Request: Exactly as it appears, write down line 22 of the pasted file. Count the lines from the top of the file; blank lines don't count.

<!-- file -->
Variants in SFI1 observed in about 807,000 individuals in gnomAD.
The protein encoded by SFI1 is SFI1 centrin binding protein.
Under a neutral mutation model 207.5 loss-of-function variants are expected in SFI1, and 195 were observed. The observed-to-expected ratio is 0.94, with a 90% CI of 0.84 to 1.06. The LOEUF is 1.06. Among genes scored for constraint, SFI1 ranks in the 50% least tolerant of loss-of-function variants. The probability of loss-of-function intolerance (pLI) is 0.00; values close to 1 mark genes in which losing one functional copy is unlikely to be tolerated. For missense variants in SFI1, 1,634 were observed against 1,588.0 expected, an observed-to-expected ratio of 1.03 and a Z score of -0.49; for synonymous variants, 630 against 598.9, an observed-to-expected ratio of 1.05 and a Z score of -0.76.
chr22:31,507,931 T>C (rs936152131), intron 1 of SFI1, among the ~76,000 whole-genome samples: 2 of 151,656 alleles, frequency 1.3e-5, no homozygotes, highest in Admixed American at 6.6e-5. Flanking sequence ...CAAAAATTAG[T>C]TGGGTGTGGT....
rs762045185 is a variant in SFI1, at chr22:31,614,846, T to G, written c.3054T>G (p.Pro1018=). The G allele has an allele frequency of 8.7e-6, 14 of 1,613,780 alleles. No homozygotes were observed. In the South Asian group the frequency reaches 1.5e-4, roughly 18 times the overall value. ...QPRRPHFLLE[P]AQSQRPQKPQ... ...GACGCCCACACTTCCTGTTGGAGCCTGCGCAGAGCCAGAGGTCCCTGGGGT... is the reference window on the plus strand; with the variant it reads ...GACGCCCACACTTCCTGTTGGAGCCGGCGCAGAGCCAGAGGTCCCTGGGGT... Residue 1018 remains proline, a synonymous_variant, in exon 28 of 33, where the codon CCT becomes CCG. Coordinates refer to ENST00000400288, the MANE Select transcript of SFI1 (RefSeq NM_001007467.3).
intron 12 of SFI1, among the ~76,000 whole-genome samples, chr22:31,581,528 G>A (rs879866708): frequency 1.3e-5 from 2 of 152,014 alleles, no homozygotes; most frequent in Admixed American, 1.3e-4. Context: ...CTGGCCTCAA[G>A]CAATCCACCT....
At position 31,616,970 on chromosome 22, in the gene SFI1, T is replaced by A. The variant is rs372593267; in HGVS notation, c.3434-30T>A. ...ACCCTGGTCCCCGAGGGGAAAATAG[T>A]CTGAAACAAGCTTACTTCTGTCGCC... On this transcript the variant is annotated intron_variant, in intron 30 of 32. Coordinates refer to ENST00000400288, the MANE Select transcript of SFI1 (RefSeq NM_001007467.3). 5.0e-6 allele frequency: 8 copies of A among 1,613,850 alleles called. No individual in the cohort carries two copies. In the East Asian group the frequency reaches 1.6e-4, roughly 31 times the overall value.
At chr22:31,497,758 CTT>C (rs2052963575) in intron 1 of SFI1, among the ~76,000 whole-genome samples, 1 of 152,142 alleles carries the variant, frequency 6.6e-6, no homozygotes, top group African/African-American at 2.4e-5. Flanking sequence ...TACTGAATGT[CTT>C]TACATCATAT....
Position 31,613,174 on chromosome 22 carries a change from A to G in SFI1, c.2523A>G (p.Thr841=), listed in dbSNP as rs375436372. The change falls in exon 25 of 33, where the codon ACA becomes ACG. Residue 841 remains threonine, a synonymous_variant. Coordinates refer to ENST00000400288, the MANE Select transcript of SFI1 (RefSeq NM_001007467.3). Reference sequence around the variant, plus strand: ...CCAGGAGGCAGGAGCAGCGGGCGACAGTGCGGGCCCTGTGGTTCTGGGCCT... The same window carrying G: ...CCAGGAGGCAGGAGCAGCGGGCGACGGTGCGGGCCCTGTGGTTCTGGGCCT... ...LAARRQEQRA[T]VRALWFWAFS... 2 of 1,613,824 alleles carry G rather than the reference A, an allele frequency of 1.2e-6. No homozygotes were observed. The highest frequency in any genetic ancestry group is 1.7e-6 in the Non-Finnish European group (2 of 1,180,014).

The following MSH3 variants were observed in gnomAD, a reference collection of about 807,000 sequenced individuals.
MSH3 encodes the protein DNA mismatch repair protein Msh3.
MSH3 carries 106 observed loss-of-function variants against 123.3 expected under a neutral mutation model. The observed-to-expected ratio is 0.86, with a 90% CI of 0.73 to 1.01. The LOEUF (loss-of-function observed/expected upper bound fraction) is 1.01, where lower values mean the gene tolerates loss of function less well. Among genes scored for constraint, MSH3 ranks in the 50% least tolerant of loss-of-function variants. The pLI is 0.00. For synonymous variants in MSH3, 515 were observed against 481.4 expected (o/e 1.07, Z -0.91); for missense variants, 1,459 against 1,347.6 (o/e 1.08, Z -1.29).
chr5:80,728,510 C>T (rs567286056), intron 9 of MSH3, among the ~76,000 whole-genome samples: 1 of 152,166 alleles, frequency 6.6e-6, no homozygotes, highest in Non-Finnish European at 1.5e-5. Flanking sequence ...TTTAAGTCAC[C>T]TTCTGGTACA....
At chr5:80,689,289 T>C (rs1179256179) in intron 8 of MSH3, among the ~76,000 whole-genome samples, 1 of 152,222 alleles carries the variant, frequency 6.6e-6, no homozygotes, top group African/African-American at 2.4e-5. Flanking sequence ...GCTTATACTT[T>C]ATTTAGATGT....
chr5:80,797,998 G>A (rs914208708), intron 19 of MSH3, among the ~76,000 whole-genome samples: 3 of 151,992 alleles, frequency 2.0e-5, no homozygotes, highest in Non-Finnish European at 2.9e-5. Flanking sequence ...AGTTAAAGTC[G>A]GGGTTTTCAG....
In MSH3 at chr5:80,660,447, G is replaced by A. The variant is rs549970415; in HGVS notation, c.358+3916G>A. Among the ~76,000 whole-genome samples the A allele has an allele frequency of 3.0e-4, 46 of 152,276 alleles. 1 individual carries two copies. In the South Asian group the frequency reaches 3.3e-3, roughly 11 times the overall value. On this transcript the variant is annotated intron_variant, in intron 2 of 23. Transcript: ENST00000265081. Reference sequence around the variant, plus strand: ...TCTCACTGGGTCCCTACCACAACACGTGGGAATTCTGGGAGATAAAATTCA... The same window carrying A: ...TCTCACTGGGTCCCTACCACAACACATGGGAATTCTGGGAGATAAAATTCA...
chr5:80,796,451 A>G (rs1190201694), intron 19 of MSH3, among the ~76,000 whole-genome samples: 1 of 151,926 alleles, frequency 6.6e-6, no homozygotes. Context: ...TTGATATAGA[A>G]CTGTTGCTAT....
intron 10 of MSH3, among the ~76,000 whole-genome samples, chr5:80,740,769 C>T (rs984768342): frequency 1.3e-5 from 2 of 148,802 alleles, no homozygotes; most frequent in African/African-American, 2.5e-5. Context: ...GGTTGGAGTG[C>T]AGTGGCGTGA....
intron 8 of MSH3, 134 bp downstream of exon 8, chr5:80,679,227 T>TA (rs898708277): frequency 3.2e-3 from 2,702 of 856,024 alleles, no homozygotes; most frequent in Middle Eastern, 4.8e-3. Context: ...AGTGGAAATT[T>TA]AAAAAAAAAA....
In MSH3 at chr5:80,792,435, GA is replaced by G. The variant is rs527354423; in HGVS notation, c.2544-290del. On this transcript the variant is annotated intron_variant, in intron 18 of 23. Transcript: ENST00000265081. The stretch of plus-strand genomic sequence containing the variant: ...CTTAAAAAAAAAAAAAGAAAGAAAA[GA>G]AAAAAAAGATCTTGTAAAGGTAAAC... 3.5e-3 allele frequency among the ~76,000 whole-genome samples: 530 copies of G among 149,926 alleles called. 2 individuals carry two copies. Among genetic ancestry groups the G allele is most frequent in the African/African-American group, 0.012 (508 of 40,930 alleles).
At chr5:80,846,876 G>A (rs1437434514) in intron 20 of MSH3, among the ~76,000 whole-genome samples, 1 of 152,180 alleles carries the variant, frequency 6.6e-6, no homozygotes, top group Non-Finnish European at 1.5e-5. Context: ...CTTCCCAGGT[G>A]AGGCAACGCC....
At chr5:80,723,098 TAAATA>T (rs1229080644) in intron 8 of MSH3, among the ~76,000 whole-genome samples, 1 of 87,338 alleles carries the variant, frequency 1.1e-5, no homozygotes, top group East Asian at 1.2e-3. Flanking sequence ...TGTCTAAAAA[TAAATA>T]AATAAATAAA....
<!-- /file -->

At chr5:80,723,098 TAAATA>T (rs1229080644) in intron 8 of MSH3, among the ~76,000 whole-genome samples, 1 of 87,338 alleles carries the variant, frequency 1.1e-5, no homozygotes, top group East Asian at 1.2e-3. Flanking sequence ...TGTCTAAAAA[TAAATA>T]AATAAATAAA....